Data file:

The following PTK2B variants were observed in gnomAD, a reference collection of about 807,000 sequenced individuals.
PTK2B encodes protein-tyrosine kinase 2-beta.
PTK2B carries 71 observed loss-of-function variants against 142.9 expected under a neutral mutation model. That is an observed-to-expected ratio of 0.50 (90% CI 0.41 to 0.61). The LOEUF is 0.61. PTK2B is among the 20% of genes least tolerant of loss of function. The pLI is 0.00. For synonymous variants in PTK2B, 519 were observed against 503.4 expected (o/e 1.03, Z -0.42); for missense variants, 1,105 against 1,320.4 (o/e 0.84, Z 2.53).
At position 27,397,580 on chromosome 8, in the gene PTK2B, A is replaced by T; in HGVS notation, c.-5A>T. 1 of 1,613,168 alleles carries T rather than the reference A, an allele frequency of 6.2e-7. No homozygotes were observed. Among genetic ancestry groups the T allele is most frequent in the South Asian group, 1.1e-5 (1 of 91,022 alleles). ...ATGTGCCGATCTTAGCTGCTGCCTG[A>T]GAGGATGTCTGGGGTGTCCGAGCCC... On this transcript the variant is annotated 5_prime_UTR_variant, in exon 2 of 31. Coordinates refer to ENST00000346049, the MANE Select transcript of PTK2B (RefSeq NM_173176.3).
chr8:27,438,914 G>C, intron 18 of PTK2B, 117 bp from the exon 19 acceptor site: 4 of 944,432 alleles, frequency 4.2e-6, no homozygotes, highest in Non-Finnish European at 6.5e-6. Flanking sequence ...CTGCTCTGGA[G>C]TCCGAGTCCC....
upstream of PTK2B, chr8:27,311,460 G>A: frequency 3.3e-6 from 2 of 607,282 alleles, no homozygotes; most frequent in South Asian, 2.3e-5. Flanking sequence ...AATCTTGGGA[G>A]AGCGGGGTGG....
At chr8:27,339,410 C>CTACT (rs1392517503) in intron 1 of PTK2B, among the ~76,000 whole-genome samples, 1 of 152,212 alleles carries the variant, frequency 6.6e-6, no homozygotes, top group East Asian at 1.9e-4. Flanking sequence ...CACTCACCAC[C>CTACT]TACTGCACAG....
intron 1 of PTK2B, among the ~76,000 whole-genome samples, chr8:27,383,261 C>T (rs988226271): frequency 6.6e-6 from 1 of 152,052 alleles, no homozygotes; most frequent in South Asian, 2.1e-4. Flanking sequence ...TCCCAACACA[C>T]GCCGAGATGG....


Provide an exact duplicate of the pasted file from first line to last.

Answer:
The following PTK2B variants were observed in gnomAD, a reference collection of about 807,000 sequenced individuals.
PTK2B encodes protein-tyrosine kinase 2-beta.
PTK2B carries 71 observed loss-of-function variants against 142.9 expected under a neutral mutation model. That is an observed-to-expected ratio of 0.50 (90% CI 0.41 to 0.61). The LOEUF is 0.61. PTK2B is among the 20% of genes least tolerant of loss of function. The pLI is 0.00. For synonymous variants in PTK2B, 519 were observed against 503.4 expected (o/e 1.03, Z -0.42); for missense variants, 1,105 against 1,320.4 (o/e 0.84, Z 2.53).
At position 27,397,580 on chromosome 8, in the gene PTK2B, A is replaced by T; in HGVS notation, c.-5A>T. 1 of 1,613,168 alleles carries T rather than the reference A, an allele frequency of 6.2e-7. No homozygotes were observed. Among genetic ancestry groups the T allele is most frequent in the South Asian group, 1.1e-5 (1 of 91,022 alleles). ...ATGTGCCGATCTTAGCTGCTGCCTG[A>T]GAGGATGTCTGGGGTGTCCGAGCCC... On this transcript the variant is annotated 5_prime_UTR_variant, in exon 2 of 31. Coordinates refer to ENST00000346049, the MANE Select transcript of PTK2B (RefSeq NM_173176.3).
chr8:27,438,914 G>C, intron 18 of PTK2B, 117 bp from the exon 19 acceptor site: 4 of 944,432 alleles, frequency 4.2e-6, no homozygotes, highest in Non-Finnish European at 6.5e-6. Flanking sequence ...CTGCTCTGGA[G>C]TCCGAGTCCC....
upstream of PTK2B, chr8:27,311,460 G>A: frequency 3.3e-6 from 2 of 607,282 alleles, no homozygotes; most frequent in South Asian, 2.3e-5. Flanking sequence ...AATCTTGGGA[G>A]AGCGGGGTGG....
At chr8:27,339,410 C>CTACT (rs1392517503) in intron 1 of PTK2B, among the ~76,000 whole-genome samples, 1 of 152,212 alleles carries the variant, frequency 6.6e-6, no homozygotes, top group East Asian at 1.9e-4. Flanking sequence ...CACTCACCAC[C>CTACT]TACTGCACAG....
intron 1 of PTK2B, among the ~76,000 whole-genome samples, chr8:27,383,261 C>T (rs988226271): frequency 6.6e-6 from 1 of 152,052 alleles, no homozygotes; most frequent in South Asian, 2.1e-4. Flanking sequence ...TCCCAACACA[C>T]GCCGAGATGG....